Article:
Discontinuing employmenti Dismissal
Employees in South Africa may not be dismissed without cause as dismissals are required to be for a fair reason and effected pursuant to a fair procedure.
There are no requirements to notify government authorities of dismissals. In some instances, an employer must consult a trade union about pending dismissals, for example where the employee is a trade union representative or where union members are to be made redundant.
The grounds upon which an employer can fairly dismiss an employee are misconduct, incapacity (which can be in the form of medical incapacity or poor performance) and the operational requirements of the employer (i.e., redundancy, which is dealt with below in more detail). Dismissal may be summary where this is warranted (e.g., in cases of serious misconduct) but otherwise the employee must be given notice (the BCEA stipulates minimum notice periods of one week for employees with less than six months' service, two weeks for employees with service between six months and one year, and four weeks for employees with service over one year). Employers may pay their employees in lieu of notice.
An employee whose employment is fairly terminated for misconduct or poor performance is not entitled to any separation or severance pay. For the severance pay requirements in cases of redundancy, see subsection ii, below. It is possible for employers to conclude separation or settlement agreements with departing employees.
The employer is obliged to notify the Department of Home Affairs upon discontinuation of the employment of a work visa holder.ii Redundancies
An employee may be dismissed for a reason relating to the employer's 'operational requirements', namely, requirements based on the employer's economic, technological, structural or similar needs. A dismissal based on operational requirements must be both procedurally and substantively fair, as is the case with any other dismissal in South Africa.
The process that must be followed when considering dismissals for operational reasons is set forth in Section 189 and 189A of the LRA. The basic Section 189 provisions apply to all retrenchments and Section 189A imposes additional procedural requirements, where large businesses conduct large-scale retrenchments. An employer is a large employer if it employs 50 or more employees.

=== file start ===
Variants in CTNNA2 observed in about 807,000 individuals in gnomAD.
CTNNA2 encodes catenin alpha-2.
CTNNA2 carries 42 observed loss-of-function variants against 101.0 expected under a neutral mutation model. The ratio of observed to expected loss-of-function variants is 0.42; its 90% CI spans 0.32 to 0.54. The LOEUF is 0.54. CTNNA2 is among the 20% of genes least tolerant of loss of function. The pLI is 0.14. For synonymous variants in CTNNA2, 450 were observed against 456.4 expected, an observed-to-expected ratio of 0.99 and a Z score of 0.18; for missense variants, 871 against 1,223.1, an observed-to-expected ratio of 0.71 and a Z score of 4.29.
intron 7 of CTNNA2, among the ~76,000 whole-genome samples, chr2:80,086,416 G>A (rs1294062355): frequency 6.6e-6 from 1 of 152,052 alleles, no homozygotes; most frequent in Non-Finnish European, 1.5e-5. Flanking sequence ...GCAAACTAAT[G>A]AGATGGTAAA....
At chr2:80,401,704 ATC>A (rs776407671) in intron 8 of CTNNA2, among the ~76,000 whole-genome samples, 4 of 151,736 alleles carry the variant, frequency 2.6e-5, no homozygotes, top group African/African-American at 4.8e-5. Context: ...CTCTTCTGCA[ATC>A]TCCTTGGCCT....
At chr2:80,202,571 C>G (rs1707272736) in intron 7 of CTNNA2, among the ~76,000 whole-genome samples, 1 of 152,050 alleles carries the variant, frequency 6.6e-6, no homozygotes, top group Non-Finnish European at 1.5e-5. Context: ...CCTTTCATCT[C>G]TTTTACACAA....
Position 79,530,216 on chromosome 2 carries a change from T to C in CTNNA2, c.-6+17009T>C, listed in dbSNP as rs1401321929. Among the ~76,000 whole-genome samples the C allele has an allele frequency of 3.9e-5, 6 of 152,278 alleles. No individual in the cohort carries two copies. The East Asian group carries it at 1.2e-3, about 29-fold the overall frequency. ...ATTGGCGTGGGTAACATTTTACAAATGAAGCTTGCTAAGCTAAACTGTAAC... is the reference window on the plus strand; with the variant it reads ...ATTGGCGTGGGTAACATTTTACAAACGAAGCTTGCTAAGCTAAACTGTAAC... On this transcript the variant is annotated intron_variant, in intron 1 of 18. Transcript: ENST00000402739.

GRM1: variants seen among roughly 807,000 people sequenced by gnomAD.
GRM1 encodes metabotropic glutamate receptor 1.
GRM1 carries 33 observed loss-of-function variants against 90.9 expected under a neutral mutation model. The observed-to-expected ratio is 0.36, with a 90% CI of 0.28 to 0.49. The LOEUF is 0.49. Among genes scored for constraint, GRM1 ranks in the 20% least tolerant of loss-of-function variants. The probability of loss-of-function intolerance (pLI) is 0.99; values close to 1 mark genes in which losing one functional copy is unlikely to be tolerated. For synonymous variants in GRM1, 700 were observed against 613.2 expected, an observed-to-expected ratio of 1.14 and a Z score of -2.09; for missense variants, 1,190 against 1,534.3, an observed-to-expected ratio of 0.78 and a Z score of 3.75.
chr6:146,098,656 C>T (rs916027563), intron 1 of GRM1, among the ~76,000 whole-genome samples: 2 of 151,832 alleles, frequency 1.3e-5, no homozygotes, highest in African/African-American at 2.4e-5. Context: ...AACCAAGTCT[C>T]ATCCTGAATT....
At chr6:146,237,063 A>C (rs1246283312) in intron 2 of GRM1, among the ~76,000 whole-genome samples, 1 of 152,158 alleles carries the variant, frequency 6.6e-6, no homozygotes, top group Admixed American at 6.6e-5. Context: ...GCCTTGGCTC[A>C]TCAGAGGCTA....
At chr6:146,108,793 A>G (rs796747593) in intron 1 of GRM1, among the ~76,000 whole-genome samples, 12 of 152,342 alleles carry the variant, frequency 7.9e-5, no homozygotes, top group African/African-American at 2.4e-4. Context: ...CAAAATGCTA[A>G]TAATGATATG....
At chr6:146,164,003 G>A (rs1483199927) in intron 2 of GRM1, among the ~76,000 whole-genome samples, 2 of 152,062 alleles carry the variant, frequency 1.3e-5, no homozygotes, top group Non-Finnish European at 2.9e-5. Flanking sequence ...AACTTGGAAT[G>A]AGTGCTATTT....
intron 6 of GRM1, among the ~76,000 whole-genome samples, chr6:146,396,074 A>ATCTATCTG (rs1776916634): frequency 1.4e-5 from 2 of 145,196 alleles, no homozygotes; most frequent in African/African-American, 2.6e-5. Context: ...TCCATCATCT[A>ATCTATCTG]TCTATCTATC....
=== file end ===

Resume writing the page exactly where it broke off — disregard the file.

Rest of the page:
Section 189 requires consultation with the employees who may be affected or their representatives (e.g., trade union, workplace forum) on the proposed retrenchments. There is no requirement to notify a works council or the government.
The employer must commence the consultation process as soon as it contemplates retrenchments. The employer must consult on ways to avoid retrenchment, to minimise the number of retrenchments, to change the timing of retrenchments, to mitigate the hardships caused to employees who are retrenched, to select the employees to be retrenched, and on severance pay. Consultation must commence with the employer issuing a written notice inviting the other party to consult and disclosing relevant information to enable the other consulting party to engage in the consultation process. Facilitation is an additional process available to the parties to a large-scale retrenchment on request. Facilitation occurs alongside the normal consultation process and is essentially consultation with the assistance of a commissioner appointed by the CCMA. The facilitator's job is to help the parties with their discussions and their attempts to reach agreement on as many issues as possible in relation to the proposed retrenchment.
If the employer falls under a bargaining council, it is advisable to check whether or not the bargaining council agreement has any special provisions relating to retrenchment with which it must comply.
No social plan is required but as part of its duty to avoid retrenchment wherever possible the employer must explore alternatives to retrenchment. Where the employer has alternative work that an affected employee can do (even if some training is required), the employer should accommodate the affected employee. The employer must also consult about the method of selecting employees to be retrenched and in the absence of agreed criteria must adopt fair and objective criteria. There is no category of employee protected by law from retrenchment where genuine operational requirements exist.
There are statutory rights to severance pay for retrenched employees. An employer must pay an employee dismissed for operational requirements severance pay equal to at least one week's remuneration for each completed year of continued service with that employer. Where the employer and employee have agreed, in advance or otherwise, to a higher amount of severance pay, the rights under the agreement are unaffected by the lower statutory minimum. Employees who unreasonably refuse offers of alternative employment with the retrenching employer, or any other employer, are not entitled to severance pay.
The employer must consult about the possibility of rehiring retrenched employees if business picks up or if it is later considering hiring people for the sort of work that the retrenched employee performed. Usually the parties agree on how long the rehiring arrangement will apply and make it subject to the employees remaining contactable.
Employers may conclude settlement agreements with retrenched employees that entail a release of claims from the former employee.